figure 1

Reproduced from ref. 12 with permission from the International Food Policy Research Institute (IFPRI), The original figure is available online at

Grain scarcity is deeply affecting the ability of some vulnerable food-importing countries to meet the needs of their consumers, especially in the Middle East, North Africa and the Sahel. African countries import all of their wheat supply from Ukraine and Russia7. Countries such as Egypt, Lebanon and Tunisia have substantial wheat imports specifically from Ukraine — 85%, 81% and 50% of their total wheat imports, respectively7,8. In these regions, history has shown that food insecurity goes hand in hand with sociopolitical upheaval9,10, and many countries provide food subsidies to avoid such problems3,4,5,6,7.

This war is also affecting the ability of international agencies to provide food aid to countries that are suffer from famine or other armed conflicts. For instance, the World Food Programme (which buys 50% of its grain from Ukraine) has to reduce provided rations because of rising costs, with the risk of excluding millions of people from the current food aid programme8.

Importantly, the focus on the current conflict per se may lead the global community to sideline challenges that are currently affecting food-insecure countries in the Global South. Combined with poverty, natural resource scarcity and climate change impacts, this could trigger additional human displacements and induce or amplify intra-state and geopolitical conflicts. Ending the current war is, therefore, synonymous with avoiding such plausible scenarios.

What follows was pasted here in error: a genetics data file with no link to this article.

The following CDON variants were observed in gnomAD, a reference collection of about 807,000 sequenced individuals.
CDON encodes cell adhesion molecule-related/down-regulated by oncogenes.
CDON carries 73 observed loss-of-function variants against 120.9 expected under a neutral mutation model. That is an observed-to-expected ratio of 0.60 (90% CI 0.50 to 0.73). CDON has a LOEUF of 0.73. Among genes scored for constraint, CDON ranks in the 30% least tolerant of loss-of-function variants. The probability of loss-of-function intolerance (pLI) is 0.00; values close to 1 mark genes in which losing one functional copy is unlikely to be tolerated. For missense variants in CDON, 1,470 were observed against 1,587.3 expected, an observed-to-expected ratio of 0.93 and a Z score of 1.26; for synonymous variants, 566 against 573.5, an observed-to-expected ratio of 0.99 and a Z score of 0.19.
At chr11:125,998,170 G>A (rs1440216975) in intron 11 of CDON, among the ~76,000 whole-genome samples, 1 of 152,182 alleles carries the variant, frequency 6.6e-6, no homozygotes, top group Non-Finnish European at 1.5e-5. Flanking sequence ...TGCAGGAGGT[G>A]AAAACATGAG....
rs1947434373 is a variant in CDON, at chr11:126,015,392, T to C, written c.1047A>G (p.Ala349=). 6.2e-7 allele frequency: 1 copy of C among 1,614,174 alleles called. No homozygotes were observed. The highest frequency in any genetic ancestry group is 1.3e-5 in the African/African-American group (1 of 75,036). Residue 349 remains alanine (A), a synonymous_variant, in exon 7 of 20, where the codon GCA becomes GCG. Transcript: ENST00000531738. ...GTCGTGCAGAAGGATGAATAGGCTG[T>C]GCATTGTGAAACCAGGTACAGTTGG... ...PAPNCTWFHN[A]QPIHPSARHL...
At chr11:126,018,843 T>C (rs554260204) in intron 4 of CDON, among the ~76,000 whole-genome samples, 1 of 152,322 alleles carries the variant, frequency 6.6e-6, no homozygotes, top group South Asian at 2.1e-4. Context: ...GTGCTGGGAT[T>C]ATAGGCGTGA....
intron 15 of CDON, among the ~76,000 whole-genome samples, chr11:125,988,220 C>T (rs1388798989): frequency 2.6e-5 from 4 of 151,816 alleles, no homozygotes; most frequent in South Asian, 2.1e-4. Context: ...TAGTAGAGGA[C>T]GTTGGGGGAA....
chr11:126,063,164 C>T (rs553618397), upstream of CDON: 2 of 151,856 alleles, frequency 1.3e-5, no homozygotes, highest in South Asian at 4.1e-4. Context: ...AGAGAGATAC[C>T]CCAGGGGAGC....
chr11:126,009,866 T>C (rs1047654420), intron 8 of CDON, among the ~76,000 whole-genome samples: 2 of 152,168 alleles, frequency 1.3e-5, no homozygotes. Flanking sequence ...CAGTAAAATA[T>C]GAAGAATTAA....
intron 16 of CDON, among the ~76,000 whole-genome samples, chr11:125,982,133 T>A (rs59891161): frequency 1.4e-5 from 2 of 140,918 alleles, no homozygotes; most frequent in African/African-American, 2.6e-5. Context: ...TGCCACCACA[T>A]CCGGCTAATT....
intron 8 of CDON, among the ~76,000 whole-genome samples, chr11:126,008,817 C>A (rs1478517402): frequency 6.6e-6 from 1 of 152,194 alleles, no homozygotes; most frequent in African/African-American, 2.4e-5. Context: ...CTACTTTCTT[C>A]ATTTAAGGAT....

Scholars and practitioners have identified a number of key actions for ensuring food security during times of conflict. This includes the imperative to promote compliance with the obligation to respect human rights to food and water during armed conflicts; to ensure efficient implementation of food assistance, given its role in addressing the effects of conflict and promoting peace2; and to enhance food transfers in settings characterized by chronic food insecurity and conflict given their protective effect on food security of vulnerable populations11. In addition to this, deliberate conflict-induced food insecurity may constitute a basis for imposing targeted sanctions in relation to future conflicts. This may prevent parties to a conflict directly and indirectly triggering food crises, either as a war tactic or as a consequence of the conflict itself. Sanctions may even cover acts that obstruct the delivery of food assistance to targeted groups during the conflict. Meanwhile, the international community may establish a strategic food reserve to face food crises triggered by armed conflicts or climate-induced disasters. This mechanism may facilitate reactive interventions that help to contain the human security implications of food crises, thus fostering peace. Also, new rules should be included in international humanitarian law that explicitly provide sufficient protection to food systems-related infrastructures and activities (agricultural land and water, farms, crops, livestock and fisheries, and so on) as non-military targets, with appropriate sanctions in case of violations. Finally, the governance of the armed conflict–food insecurity nexus will require the development of a robust multidisciplinary policy-oriented research programme with the potential to guide both domestic and international actions in mitigating the food implications of such conflicts, while considering local specific settings.